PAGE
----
Working as a Contractor

Being a Project Management contractor is when you are in a role for a fixed period of time, this typically ranges from 3 months up to a year.

As mentioned already you can earn more as a contractor than you could as a permanent employee, but it’s not a given either. As a contract worker you will be expected to come in and get the job done as efficiently as possible.


Aside from the higher pay rates that can be achieved contract work also provides more flexibility. Both in terms of choosing when you work as well as where (industry and location).

When searching for contract roles you are able to choose the industry in which you work, not being tied down to one industry for a long period will allow you to take work in different sectors.

Changing projects on a regular basis gives you a chance to update and further your skills and to learn from the best. By working on shorter contracts you will gain more varied experience faster.

You will also be able to build a strong network of contacts as a result which (if you impress) could lead to further job offers.

Once a contract comes to an end you can choose if you want to take a break or not. If you have come off of a good contract and want to take some time off then you are able to do so, this is something permanent workers cannot do.

Giving yourself a break after working a hard project will allow you to come into your next contract fresh and ready. So when you do decide to work again you are at your best. Our Project Management Benchmark report showed us that 31% of contract workers were either resting or between assignments.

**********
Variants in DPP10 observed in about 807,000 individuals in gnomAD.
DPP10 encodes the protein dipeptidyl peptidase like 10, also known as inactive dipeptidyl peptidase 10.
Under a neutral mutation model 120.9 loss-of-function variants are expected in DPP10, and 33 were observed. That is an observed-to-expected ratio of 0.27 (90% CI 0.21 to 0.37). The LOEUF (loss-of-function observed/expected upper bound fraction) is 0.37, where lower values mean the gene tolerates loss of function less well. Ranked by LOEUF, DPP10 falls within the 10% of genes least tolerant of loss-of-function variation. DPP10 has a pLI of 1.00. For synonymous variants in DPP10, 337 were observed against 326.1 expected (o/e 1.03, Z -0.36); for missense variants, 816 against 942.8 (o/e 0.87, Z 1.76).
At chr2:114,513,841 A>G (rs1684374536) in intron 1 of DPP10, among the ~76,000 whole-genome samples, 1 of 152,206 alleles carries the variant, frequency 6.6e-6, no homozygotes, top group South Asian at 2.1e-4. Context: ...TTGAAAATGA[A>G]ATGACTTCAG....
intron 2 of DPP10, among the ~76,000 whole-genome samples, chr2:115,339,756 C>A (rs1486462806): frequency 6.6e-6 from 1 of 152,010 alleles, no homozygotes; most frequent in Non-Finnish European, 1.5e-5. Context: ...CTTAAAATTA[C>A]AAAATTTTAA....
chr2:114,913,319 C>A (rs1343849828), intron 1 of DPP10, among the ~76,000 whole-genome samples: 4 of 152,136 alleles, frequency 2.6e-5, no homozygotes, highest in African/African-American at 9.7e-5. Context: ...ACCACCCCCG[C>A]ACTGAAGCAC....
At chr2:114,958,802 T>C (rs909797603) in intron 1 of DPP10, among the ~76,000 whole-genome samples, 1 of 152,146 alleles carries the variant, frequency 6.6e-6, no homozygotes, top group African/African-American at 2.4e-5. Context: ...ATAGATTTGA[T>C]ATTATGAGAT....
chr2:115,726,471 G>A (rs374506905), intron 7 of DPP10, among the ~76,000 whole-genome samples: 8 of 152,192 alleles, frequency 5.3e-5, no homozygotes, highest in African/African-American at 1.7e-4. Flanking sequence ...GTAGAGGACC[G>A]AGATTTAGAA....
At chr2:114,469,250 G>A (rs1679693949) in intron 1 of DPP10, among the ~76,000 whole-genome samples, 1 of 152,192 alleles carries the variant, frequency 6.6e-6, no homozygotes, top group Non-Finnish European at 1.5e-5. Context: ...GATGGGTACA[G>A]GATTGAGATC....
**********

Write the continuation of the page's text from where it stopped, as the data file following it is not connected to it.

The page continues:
Challenges of Being a Contractor

The work-life balance is one of the common challenges a contractor will face. Giving yourself a break is nice (especially if you’re coming off the back of a particularly fruitful job), however considering those breaks won’t be paid how many people would be in a financial position to do so?

Applying for jobs has to be full time in itself and you can’t be guaranteed of work exactly when you want it.

Having a paid holiday or even sick pay are things that will not come included in your contract. Ensuring you make provisions for any eventuality is important.

When you are away from work there will also be admin to do. You will need to set up your own company (which can be done via an accountant) as well as supplying your own health insurance, retirement savings plans and savings for time off or periods of unemployment.

There’s also IR35 to consider, this topic is worthy of a blog on its own (you will find a link to it below).

>>IR35 in the Private Sector


Things to consider

If you are willing to leave stability behind and take the jump into contracting then the rewards are certainly there to be gained, but rewards don’t come without risk. If you are up to the challenge of spending 1/3 of the year (maybe more) job hunting as well as taking on all the extra admin then you will thrive as a contractor.

Ultimately it all boils down to different personalities and priorities suiting different types of work.